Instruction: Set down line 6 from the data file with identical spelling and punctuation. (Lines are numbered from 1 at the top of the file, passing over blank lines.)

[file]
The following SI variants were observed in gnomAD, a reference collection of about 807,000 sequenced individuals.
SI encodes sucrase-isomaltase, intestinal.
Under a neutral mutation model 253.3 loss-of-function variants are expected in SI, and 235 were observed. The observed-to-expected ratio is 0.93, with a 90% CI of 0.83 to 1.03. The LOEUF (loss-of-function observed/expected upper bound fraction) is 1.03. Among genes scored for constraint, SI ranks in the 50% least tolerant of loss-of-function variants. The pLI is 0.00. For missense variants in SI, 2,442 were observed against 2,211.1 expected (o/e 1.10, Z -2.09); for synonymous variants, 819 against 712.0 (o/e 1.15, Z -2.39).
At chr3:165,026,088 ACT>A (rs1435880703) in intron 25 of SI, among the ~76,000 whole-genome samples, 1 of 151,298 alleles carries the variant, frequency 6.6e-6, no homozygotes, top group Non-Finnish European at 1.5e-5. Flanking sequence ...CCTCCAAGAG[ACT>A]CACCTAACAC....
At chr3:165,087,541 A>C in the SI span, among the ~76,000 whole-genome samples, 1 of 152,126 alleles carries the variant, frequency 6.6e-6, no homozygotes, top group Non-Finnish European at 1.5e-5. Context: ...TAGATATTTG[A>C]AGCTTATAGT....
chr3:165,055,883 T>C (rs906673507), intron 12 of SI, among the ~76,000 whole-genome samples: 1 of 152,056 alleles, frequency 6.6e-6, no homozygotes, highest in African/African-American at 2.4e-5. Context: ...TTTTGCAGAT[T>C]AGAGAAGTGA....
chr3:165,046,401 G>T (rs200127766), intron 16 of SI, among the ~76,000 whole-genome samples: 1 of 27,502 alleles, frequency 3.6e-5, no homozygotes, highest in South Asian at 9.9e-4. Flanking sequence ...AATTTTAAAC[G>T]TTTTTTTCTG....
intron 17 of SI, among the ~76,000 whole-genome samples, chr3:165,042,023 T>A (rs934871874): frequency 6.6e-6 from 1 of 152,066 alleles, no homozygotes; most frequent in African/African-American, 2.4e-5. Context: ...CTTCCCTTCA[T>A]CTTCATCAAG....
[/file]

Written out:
chr3:165,055,883 T>C (rs906673507), intron 12 of SI, among the ~76,000 whole-genome samples: 1 of 152,056 alleles, frequency 6.6e-6, no homozygotes, highest in African/African-American at 2.4e-5. Context: ...TTTTGCAGAT[T>C]AGAGAAGTGA....